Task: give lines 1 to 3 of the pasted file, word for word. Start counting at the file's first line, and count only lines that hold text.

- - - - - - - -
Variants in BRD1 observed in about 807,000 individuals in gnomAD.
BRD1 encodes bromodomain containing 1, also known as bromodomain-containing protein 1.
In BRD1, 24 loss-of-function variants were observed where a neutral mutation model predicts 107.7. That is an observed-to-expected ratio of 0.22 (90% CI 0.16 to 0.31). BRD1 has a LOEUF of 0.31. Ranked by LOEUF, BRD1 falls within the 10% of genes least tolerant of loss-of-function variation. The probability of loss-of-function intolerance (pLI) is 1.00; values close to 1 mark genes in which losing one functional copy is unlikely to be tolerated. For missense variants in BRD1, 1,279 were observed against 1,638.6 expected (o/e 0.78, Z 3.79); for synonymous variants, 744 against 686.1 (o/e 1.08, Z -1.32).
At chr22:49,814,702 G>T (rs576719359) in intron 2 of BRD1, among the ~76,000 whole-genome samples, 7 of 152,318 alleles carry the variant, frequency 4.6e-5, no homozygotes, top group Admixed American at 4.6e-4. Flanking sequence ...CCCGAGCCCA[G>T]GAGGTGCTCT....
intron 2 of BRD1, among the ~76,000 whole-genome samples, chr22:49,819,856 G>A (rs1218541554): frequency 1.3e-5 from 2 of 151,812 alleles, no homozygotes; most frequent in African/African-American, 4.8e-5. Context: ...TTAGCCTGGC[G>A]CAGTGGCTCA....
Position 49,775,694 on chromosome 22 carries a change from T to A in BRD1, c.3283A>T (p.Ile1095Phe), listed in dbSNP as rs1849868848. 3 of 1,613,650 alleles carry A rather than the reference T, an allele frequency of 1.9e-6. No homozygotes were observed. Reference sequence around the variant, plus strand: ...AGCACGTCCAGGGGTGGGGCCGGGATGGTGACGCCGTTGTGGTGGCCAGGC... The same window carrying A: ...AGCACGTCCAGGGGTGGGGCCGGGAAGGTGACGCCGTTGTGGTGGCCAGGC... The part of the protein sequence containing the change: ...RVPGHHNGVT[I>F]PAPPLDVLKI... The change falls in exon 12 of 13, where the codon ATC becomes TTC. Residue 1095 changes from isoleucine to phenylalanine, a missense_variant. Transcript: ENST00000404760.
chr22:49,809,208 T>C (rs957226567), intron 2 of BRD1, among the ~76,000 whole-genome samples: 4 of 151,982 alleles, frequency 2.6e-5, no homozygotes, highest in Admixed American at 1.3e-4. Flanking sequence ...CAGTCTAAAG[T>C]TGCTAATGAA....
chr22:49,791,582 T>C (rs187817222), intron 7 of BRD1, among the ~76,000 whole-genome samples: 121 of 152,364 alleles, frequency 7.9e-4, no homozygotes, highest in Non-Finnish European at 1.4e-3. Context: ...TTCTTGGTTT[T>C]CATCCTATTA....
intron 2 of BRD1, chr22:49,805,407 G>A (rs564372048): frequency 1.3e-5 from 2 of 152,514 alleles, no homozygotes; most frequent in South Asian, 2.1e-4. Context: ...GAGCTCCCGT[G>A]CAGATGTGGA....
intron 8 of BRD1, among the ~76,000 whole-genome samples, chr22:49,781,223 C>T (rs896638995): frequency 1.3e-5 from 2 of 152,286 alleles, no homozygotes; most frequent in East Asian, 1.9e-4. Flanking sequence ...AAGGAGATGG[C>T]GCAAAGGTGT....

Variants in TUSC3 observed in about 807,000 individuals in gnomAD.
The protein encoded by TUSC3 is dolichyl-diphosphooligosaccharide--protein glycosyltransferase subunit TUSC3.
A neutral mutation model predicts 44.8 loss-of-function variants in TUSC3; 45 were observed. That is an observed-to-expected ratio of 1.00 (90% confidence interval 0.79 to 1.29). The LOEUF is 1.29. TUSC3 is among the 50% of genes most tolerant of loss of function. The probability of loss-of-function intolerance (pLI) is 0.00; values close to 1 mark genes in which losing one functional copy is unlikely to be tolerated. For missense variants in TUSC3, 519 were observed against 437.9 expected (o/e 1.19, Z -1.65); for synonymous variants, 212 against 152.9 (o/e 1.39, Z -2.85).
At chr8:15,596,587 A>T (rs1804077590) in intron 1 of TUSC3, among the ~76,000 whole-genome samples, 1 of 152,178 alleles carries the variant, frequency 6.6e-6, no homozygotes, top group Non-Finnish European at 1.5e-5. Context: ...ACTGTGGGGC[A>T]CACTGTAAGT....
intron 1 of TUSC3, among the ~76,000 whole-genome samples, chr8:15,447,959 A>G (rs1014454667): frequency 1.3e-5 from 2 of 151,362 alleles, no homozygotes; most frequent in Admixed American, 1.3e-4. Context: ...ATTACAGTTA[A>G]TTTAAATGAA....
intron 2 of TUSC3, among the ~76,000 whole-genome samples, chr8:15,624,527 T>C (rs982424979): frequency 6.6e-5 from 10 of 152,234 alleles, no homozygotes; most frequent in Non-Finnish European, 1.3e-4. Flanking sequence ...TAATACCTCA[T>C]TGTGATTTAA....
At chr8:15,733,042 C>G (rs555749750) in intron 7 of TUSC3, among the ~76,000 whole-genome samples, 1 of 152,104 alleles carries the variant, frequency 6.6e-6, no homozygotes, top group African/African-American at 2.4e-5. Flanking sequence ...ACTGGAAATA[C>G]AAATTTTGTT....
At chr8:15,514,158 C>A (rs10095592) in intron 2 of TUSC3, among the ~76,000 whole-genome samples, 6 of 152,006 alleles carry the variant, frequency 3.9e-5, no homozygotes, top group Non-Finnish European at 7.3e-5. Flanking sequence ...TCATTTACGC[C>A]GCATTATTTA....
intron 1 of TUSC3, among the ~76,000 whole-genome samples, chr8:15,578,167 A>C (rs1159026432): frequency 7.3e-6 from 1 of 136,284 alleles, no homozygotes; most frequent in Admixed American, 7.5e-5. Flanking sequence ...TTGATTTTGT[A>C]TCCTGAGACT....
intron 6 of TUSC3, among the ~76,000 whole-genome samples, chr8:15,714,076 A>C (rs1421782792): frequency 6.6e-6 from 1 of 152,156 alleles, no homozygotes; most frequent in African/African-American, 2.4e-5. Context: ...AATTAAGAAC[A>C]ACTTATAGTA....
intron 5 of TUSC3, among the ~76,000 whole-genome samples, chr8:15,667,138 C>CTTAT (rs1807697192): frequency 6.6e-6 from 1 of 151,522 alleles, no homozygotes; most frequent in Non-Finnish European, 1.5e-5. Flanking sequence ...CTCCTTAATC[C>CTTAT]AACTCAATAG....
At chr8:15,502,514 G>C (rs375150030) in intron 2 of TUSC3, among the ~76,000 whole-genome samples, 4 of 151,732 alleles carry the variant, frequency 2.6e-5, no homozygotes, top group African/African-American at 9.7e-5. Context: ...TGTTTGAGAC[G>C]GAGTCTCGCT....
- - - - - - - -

Variants in BRD1 observed in about 807,000 individuals in gnomAD.
BRD1 encodes bromodomain containing 1, also known as bromodomain-containing protein 1.
In BRD1, 24 loss-of-function variants were observed where a neutral mutation model predicts 107.7. That is an observed-to-expected ratio of 0.22 (90% CI 0.16 to 0.31). BRD1 has a LOEUF of 0.31. Ranked by LOEUF, BRD1 falls within the 10% of genes least tolerant of loss-of-function variation. The probability of loss-of-function intolerance (pLI) is 1.00; values close to 1 mark genes in which losing one functional copy is unlikely to be tolerated. For missense variants in BRD1, 1,279 were observed against 1,638.6 expected (o/e 0.78, Z 3.79); for synonymous variants, 744 against 686.1 (o/e 1.08, Z -1.32).